You’re not our kind…

It seems almost daily we are surrounded by some form of prejudice, from almost every direction. As a gay man, I have pretty much come to expect that heterosexual culture will have some issue with LGBTQ people. The government shows it daily and we see the general public thinking it’s okay to be more boisterous about their hatred because the government isn’t in check. What always seems to hurt me to the core is when I see this same hatred coming from our own communities. By that I mean singling out those that appear to be effeminate or overly masculine. As they are lashing out, they are accusing the person they are targeting as being stereotypical and the very reasons heterosexual culture dislikes us. You can see that isn’t the case, even those that appear ”normal” in the media, with their married lifestyles, children in town, in nice houses inside nice neighborhoods, and acting like their neighbors, they are still a target for the vitriol that is spewed from those who think being LGBTQ is an abomination.

Our community is as diverse as the heterosexual community. They are those that are hyper masculine, effeminate, love to watch football, love to go to plays, have the want for finer things, and some that are purely happy with the basics of living. The only stereotype is that which was created by heterosexual people about what they perceived LGBTQ people as and it’s not the first time it has happened. If you look back to the movies of the 50s and 60s, Asian characters were over emphasized has have a pronounced overbite, always wearing a version of a Kung Fu outfit, speaking very broken English, or even martial artists. The very means of which their characters were cartoonish is appalling, by today’s standards. Sadly, television programming and people’s perceptions of the LGBTQ stereotypes haven’t evolved very much. You will still see the gay man that is OVERLY effeminate, listening to show tunes, carrying some small animal in a handbag, wearing moderate amounts of makeup, and speaking with a lisp that could put Sylvester the cat to shame. We see it so much that it becomes part of how we view the world.

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It’s not just media that forces us to take a particularly harsh view of those that seem to fit a stereotype, sometimes it is purely because of the bullying we have had to endure at some part of our lives or being judged because we may have appear “too gay” to someone. This shouldn’t come as a shock, after all openly gay men have been passed over for promotions and jobs because they appear “too gay.” Or we may have witnessed someone being targeted in a similar fashion. So, we look at it and realize that if we act this way, we too can be targeted and called out for who we are. It is human nature to want to be accepted by our peers, so many times we “act straight” so that we can “pass” ourselves off as not being like them. Many people stand and practice their mannerisms, speech patterns, word choices, body language, and clothing styles so they can make others see that there are “normal” gay people out there. This type of posturing or acting only adds to the divide that is already there. This very battle can lead to depression and anxiety. It becomes very tiring to stop and think about every individual piece of how we act to appear to others as we think they want us to appear.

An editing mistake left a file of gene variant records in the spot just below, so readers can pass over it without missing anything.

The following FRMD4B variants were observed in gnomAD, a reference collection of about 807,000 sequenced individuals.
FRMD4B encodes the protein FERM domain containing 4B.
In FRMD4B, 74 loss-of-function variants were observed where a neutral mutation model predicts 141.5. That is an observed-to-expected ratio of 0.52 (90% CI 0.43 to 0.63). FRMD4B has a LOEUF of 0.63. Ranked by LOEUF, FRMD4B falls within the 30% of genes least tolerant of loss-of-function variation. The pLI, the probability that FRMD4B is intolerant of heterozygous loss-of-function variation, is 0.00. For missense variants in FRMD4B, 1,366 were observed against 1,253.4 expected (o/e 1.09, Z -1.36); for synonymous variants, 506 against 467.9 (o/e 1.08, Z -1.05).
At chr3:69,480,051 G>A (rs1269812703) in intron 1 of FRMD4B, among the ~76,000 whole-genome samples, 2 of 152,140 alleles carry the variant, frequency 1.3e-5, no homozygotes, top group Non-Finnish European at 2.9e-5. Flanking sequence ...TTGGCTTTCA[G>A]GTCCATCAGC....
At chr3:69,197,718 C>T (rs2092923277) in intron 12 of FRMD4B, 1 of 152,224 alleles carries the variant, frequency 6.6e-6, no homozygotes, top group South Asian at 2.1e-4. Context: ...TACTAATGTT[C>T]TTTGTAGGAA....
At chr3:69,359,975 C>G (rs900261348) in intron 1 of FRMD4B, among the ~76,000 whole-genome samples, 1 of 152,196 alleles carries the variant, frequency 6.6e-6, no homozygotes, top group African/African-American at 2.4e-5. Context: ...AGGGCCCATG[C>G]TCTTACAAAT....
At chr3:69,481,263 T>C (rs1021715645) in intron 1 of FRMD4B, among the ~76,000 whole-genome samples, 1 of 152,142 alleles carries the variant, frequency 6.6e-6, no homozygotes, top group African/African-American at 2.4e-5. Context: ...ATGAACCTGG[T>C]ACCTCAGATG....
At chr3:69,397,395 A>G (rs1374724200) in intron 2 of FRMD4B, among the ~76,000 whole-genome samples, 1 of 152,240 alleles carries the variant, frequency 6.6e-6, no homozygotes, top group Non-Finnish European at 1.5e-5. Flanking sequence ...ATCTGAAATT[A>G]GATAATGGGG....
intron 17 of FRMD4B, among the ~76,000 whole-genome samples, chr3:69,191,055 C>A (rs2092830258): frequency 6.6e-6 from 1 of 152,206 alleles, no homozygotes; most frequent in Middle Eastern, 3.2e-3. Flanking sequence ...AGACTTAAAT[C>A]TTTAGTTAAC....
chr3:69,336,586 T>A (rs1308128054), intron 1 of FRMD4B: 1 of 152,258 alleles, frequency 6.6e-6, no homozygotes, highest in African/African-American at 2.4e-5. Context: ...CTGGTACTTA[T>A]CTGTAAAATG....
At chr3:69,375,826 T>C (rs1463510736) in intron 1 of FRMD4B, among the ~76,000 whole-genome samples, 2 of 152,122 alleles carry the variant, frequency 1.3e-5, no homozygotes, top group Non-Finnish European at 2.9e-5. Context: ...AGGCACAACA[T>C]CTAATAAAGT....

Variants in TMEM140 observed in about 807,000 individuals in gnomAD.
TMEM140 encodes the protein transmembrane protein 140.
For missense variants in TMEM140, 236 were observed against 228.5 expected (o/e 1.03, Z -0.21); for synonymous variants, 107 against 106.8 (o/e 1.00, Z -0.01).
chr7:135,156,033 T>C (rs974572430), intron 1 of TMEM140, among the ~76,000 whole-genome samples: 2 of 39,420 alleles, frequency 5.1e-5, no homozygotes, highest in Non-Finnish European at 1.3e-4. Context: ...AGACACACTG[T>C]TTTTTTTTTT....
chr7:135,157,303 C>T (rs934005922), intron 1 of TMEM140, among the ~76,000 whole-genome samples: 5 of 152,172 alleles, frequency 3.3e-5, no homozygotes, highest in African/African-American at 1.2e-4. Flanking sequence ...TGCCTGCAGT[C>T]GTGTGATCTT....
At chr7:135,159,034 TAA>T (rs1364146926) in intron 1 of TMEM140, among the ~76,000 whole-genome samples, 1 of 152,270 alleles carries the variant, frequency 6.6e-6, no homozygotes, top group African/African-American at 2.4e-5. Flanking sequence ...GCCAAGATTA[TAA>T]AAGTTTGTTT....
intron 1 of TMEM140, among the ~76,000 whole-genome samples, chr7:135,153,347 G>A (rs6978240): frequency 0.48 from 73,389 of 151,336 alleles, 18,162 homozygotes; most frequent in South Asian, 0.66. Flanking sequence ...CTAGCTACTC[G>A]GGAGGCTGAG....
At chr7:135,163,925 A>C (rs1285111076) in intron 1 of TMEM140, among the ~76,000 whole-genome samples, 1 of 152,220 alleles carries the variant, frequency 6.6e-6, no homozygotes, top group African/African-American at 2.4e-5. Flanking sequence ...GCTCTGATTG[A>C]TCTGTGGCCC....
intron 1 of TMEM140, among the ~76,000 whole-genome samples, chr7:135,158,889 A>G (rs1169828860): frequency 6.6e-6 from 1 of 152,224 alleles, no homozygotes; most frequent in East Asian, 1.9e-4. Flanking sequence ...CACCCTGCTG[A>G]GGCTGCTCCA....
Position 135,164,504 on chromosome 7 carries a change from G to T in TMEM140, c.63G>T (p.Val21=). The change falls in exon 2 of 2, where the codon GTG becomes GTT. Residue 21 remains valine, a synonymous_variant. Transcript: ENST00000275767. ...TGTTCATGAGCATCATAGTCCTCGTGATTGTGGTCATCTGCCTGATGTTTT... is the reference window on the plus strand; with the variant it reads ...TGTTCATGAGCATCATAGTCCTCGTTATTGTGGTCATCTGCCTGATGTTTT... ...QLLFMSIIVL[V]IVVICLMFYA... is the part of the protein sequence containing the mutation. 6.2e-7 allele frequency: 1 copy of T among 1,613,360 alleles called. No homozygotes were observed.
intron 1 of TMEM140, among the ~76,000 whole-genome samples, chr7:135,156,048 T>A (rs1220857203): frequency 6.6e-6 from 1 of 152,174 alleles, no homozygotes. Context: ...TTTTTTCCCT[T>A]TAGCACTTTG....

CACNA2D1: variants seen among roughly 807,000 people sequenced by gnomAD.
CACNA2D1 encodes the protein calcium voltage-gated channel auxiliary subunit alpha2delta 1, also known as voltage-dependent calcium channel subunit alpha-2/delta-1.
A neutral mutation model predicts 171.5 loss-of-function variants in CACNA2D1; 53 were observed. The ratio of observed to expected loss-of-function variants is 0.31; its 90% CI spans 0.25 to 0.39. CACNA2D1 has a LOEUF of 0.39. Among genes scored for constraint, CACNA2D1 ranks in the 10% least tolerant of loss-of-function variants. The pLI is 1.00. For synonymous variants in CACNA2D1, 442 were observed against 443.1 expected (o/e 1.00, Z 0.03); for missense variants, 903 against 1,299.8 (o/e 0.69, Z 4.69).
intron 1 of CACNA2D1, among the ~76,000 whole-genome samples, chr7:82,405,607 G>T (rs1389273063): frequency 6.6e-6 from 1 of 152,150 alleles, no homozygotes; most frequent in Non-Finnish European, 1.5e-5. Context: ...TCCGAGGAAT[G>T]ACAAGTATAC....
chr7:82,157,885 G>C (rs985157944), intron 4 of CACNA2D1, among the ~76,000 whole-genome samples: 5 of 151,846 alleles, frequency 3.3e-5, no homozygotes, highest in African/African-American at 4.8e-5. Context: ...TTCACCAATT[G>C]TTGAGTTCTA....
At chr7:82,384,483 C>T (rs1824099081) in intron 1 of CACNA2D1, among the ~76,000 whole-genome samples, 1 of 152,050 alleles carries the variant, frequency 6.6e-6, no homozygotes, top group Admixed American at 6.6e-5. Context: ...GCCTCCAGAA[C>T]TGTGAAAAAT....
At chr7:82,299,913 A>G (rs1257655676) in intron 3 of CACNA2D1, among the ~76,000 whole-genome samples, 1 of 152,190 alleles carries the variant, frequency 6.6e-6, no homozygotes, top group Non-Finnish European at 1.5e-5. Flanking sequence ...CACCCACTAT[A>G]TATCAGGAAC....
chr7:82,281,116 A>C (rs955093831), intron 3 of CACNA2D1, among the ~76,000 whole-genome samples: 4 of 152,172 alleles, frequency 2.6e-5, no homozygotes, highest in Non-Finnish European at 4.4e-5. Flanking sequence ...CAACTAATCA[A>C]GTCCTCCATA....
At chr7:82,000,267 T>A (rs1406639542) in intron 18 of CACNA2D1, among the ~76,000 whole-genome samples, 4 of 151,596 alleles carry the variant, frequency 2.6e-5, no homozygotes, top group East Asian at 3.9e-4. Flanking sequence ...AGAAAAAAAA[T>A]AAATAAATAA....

I truly feel that most of this internalized hatred comes from self-loathing and the need to appear “normal.” When that word is used in that context, it refers to a heterosexual idealized version of a person and some version of sexual roles. As LGBTQ people, we have already shirked those gender roles. Being gay allowed us to be the person we truly were on the inside; not what others think we should be. If this is the case, why would you want to pigeonhole someone back into a dynamic that doesn’t define them?

photo of three women riding car
Photo by Layton Findlater on Pexels.com

As members of the LGBTQ community, we should accept each and every one of us, regardless of their mannerisms. You don’t have to agree with them, but acceptance of them as their own individual is important. I am not a fan of tofu, but I do not exclude someone from my life because they do. It really is that simple. You don’t have to like they act a certain way, but you cannot deny them their rights to do so, or support that they deserve the same rights as you. They are no less deserving of being able to live a life where they do not lose their job for who they are. We become no better than the individuals who kidnap us from a bar, beat us to within an inch of our lives, tie up to a fence post mostly naked, and leave us to die. You say that is extreme, but is it really? If you perpetuate the hatred and segregation of people based on personalities and actions, you, in essence, justify why someone else may do something more extreme in their hatred of the group of people.

It is time for us to hold ALL individuals who spout any anti LGBTQ rhetoric accountable for their words. You don’t get a pass because you are LGBTQ, that does not make your hatred okay. You are perfectly entitled to not agree with someone actions, but you do not have the right to say they do not deserve to be their true authentic self. You do not have the right to deny them the same liberties you want. Just remember, the next time you are judging someone based on their actions, there are people judging you for being who you are, as well.

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